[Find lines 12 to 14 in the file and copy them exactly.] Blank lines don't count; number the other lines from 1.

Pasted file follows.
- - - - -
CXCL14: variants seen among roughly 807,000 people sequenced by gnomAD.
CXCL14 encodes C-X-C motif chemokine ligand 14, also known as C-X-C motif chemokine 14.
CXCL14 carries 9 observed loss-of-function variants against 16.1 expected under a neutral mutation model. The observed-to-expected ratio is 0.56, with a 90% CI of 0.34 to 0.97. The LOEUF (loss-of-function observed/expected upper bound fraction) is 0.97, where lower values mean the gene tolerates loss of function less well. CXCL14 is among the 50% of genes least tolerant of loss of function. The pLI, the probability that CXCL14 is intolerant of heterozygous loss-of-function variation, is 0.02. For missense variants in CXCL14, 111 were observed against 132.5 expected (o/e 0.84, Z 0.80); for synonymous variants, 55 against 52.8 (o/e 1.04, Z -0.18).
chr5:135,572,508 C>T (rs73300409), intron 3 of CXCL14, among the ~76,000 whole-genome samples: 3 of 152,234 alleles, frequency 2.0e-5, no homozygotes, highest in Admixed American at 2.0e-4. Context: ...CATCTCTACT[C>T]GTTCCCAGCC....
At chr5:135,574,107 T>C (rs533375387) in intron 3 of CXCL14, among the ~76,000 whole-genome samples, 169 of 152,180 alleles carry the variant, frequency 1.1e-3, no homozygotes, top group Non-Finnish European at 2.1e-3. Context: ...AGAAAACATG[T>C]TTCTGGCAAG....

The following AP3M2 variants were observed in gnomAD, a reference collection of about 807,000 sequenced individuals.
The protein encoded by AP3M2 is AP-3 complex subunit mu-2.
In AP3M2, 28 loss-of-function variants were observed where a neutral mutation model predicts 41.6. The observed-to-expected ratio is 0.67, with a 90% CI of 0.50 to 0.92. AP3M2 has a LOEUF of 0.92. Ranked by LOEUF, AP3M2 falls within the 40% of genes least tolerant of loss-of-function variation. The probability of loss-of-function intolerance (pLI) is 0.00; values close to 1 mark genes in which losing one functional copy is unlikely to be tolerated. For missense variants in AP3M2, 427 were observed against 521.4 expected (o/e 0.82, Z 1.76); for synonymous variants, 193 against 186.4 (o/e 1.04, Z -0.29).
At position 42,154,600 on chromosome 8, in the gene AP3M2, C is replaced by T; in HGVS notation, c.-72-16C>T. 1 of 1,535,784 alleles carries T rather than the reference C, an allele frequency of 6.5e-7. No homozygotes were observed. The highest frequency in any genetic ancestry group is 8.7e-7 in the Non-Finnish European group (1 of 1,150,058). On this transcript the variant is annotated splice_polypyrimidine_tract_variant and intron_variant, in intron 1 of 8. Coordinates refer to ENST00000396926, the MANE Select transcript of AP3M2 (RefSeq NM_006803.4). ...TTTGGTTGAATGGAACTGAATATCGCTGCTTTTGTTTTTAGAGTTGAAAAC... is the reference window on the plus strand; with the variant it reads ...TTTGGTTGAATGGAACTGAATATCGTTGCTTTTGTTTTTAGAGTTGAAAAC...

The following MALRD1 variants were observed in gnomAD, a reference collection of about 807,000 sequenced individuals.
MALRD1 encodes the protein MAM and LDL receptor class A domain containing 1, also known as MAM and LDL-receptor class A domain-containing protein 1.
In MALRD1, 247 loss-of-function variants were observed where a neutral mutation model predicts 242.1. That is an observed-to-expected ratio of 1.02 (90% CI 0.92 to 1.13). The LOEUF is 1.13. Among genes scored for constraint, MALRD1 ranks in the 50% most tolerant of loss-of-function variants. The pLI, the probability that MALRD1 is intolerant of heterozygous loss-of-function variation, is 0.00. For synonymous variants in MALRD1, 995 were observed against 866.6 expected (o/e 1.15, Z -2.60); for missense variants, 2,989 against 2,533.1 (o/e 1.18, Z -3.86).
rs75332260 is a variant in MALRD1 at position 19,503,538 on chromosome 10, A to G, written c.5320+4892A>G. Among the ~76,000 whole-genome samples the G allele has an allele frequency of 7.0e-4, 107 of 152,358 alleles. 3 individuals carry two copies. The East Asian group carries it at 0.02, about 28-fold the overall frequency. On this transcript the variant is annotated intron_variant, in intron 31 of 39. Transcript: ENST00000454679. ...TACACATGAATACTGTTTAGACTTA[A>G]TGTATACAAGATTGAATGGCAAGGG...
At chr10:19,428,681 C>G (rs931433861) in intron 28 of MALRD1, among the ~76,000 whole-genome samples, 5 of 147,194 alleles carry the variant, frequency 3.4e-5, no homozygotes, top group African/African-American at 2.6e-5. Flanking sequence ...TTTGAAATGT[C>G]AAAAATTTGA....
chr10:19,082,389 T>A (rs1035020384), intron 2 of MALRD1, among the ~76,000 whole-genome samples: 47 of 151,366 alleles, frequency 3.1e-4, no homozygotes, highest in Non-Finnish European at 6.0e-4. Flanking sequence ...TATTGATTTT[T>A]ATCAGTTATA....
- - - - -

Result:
In MALRD1, 247 loss-of-function variants were observed where a neutral mutation model predicts 242.1. That is an observed-to-expected ratio of 1.02 (90% CI 0.92 to 1.13). The LOEUF is 1.13. Among genes scored for constraint, MALRD1 ranks in the 50% most tolerant of loss-of-function variants. The pLI, the probability that MALRD1 is intolerant of heterozygous loss-of-function variation, is 0.00. For synonymous variants in MALRD1, 995 were observed against 866.6 expected (o/e 1.15, Z -2.60); for missense variants, 2,989 against 2,533.1 (o/e 1.18, Z -3.86).
rs75332260 is a variant in MALRD1 at position 19,503,538 on chromosome 10, A to G, written c.5320+4892A>G. Among the ~76,000 whole-genome samples the G allele has an allele frequency of 7.0e-4, 107 of 152,358 alleles. 3 individuals carry two copies. The East Asian group carries it at 0.02, about 28-fold the overall frequency. On this transcript the variant is annotated intron_variant, in intron 31 of 39. Transcript: ENST00000454679. ...TACACATGAATACTGTTTAGACTTA[A>G]TGTATACAAGATTGAATGGCAAGGG...
At chr10:19,428,681 C>G (rs931433861) in intron 28 of MALRD1, among the ~76,000 whole-genome samples, 5 of 147,194 alleles carry the variant, frequency 3.4e-5, no homozygotes, top group African/African-American at 2.6e-5. Flanking sequence ...TTTGAAATGT[C>G]AAAAATTTGA....